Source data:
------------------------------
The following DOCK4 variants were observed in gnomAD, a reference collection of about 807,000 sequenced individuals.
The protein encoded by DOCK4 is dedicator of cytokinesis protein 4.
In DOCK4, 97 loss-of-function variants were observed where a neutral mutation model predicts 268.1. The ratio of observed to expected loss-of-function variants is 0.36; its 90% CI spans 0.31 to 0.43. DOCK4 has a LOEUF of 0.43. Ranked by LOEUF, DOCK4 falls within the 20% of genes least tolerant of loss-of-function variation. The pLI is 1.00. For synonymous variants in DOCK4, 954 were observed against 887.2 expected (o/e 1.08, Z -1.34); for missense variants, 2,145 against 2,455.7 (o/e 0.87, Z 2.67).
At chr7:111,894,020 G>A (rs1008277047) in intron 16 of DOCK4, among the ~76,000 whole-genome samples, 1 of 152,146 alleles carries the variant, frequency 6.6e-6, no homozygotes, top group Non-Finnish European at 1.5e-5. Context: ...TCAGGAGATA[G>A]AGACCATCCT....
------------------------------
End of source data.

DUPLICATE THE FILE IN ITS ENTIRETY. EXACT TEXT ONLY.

The following DOCK4 variants were observed in gnomAD, a reference collection of about 807,000 sequenced individuals.
The protein encoded by DOCK4 is dedicator of cytokinesis protein 4.
In DOCK4, 97 loss-of-function variants were observed where a neutral mutation model predicts 268.1. The ratio of observed to expected loss-of-function variants is 0.36; its 90% CI spans 0.31 to 0.43. DOCK4 has a LOEUF of 0.43. Ranked by LOEUF, DOCK4 falls within the 20% of genes least tolerant of loss-of-function variation. The pLI is 1.00. For synonymous variants in DOCK4, 954 were observed against 887.2 expected (o/e 1.08, Z -1.34); for missense variants, 2,145 against 2,455.7 (o/e 0.87, Z 2.67).
At chr7:111,894,020 G>A (rs1008277047) in intron 16 of DOCK4, among the ~76,000 whole-genome samples, 1 of 152,146 alleles carries the variant, frequency 6.6e-6, no homozygotes, top group Non-Finnish European at 1.5e-5. Context: ...TCAGGAGATA[G>A]AGACCATCCT....